Skyrim Permadeath Chronicles: Part 6

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Morning found Lindia ready to begin her quest for salvation. She stopped briefly at the Riverwood Trader to secure supplies. The shop-owner leaned heavily against the counter, cupping a battered tin mug. Empty wine bottles lay on their sides all around him. He gave her an accusing look as she entered, but held his tongue until Lindia stepped near to pay for the goods.

The shop owner grieves

The shop owner grieves

“Quite a lot of food, that is.” He reeked of alcohol.

Lindia did not comment.

“Running far from here? Can’t blame you. After the business last night…” He sobbed loudly. “What am I to do? I can’t run the store without Camilla. But neither can I leave it.”

Lindia pushed her goods across the counter. “How much.”

“I knew that khajiit was no good,” he said. He was talking mostly to himself, though sometimes he turned his bloodshot eyes on her almost accusingly. “Khajiit are more trouble than they’re worth, everybody knows that. Thieves and skooma addicts… the whole lot of ’em. Vaernima take him and burn his soul over a thousand years.” He turned aside and spit.

Lindia counted up the value of the goods and left the proper number of coins on the counter.

“We ain’t never seen such madness in Riverwood. He robbed a bunch of folk, killed Alvor. And Camilla.” His voice broke and he dissolved into a fit of loud crying.

Lindia left. She found Ralof organizing the handling of the dead, along with a young Imperial soldier. The enemy! She’d drawn an arrow hardly before she realized what she was doing. No, not here. Not like this. Stay focused.

She waited until the Imperial wandered away and then addressed Ralof.

He nodded in greeting and then his eyes fixed on her quiver. “Those arrows… it was you who put down that crazed khajiit, wasn’t it?” When he saw she was about to deny it, he held up a hand. “I’ll not make a big deal of it, I only wished to thank you. It could have been much worse had you not intervened.”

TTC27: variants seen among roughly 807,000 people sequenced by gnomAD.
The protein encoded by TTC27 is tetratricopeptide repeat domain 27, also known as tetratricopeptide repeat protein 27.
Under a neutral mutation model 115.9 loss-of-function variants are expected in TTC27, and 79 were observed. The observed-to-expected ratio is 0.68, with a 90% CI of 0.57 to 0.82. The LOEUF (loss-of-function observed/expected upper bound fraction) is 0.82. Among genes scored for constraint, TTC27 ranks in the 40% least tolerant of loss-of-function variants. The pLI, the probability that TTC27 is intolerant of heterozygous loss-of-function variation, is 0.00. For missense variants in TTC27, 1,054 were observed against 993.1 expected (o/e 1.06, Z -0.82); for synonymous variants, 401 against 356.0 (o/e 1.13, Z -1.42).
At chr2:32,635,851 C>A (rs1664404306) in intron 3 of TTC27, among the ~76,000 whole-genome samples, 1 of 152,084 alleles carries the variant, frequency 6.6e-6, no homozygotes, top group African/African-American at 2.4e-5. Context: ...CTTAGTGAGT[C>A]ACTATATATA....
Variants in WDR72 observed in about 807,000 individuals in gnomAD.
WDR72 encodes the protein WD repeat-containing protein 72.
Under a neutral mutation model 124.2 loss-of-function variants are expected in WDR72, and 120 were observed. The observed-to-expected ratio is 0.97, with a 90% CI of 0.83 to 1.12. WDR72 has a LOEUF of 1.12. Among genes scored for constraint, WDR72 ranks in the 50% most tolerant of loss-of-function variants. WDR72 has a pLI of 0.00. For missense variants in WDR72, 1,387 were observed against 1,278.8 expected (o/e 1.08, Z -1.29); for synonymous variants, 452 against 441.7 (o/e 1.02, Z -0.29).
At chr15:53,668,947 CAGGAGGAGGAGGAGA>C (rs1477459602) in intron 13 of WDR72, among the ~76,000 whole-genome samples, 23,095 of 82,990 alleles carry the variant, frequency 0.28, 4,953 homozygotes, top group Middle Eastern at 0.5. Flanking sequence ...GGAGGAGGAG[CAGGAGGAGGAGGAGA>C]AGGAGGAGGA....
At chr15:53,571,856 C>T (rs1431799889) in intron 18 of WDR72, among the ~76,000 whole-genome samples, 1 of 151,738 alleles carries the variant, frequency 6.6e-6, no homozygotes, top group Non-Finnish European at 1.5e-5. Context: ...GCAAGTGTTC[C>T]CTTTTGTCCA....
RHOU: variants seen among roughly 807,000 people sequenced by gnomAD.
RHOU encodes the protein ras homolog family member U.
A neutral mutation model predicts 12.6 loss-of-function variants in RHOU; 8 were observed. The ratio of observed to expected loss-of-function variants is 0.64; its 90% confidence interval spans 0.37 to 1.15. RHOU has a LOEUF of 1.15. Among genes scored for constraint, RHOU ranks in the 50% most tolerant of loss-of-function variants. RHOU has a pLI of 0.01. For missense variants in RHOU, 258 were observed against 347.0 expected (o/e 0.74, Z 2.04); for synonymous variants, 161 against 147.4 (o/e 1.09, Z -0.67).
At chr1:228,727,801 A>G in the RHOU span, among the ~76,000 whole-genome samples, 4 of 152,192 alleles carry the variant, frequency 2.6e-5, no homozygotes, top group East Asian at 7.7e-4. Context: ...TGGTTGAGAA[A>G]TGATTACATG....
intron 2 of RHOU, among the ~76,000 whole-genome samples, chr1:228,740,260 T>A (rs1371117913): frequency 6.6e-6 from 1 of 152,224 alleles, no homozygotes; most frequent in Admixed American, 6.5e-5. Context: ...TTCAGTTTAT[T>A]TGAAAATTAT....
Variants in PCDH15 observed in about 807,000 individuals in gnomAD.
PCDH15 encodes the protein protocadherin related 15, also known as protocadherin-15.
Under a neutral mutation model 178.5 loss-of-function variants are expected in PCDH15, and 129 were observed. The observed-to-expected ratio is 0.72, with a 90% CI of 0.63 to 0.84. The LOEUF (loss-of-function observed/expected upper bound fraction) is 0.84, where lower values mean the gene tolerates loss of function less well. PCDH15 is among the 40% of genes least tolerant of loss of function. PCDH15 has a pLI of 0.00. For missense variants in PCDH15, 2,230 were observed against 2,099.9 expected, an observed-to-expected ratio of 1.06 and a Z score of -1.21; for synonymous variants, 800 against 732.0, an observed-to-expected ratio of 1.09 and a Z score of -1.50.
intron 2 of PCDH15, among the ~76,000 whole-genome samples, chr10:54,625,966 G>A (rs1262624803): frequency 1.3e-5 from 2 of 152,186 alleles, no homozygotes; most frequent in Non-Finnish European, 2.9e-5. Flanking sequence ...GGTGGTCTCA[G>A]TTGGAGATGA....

Irritation burned Lindia’s cheeks. The last thing she wanted was this dirty nord’s gratitude. But perhaps she could use this to her advantage. “I mean to join the Stormcloaks. If Skyrim was united, mayhap tragedies like this could be avoided.”

“Truly?” The shaggy-haired nord looked down at her skeptically. “You mean to fight for Skyrim?”

“It is my home, and I hate to see how the Imperials treat it,” she lied. “I understand you can help me in this?”

Ralof bid her wait. He returned with letters of introduction. “Take this to Windhelm. They will get you to Ulfric himself.”

Lindia thanked the man and left, following the road north out of town. She’d walk to Whiterun and pay for a carriage there. She finally felt that she was on her way. The craziness of last night had slowed her, but mayhap it was all for the good. Ralof’s letter would put her close to Ulfric and help gain his trust. As much as he could trust an elf – the leader of the Stormcloaks was a notorious racist. He would pay for all his sins in time.

Sunlight filtered through trees dappled the path, and the wind whispered through leaves. Animals scurried through the underbrush, nearby but unseen. Lindia walked with her bow at the ready. A pair of wolves emerged and charged. Lindia dropped the first before he got into biting distance and finished the second point-blank. She continued on.

Vermin beneath her feet

Vermin beneath her feet

Voices came to her through the trees. Rough-sounding men. She cut across country, scaling a small outcrop of stone. She knelt in shadow. Rounding the path under her feet, a small Imperial squad escorted an Nord prisoner.

Four of them. The temptation was too strong to resist. She plucked and arrow and put it in the back of the lead Imperial’s head. He staggered stupidly and started shouting while he pulled out his own bow. The others responded in kind. Arrows skipped across the stone all around Lindia’s perch. More than one found its end in her flesh.

Taking Aim

Taking Aim



Back-peddling while she fired, Lindia put the stone between her and the Imperials. She quaffed a healing potion and rounded the stone to see what her enemy was about. The soldiers had used the lull to inch closer. One of the men exchanged bow for sword. He charged.

Lindia put two arrows into him, but he scarcely seemed to notice. His sword fell, opening Lindia’s chest from collar to groin. She collapsed, choking on her own blood. The world faded to black.

Well, that was stupid. I have to admit, for the first time since starting this, I considered loading up and starting over. I was really digging Lindia’s character. But done is done. Next time – a new character. Somebody with a bit more sense, I think, and less prone to foolishly rush in.

This was the last of my plays completed on the Xbox. All the screens have been taken on my PC, a recreation so that the post would have some pictures. From here on out, the plays will be done on the PC, with all my mods running. Should be fun!

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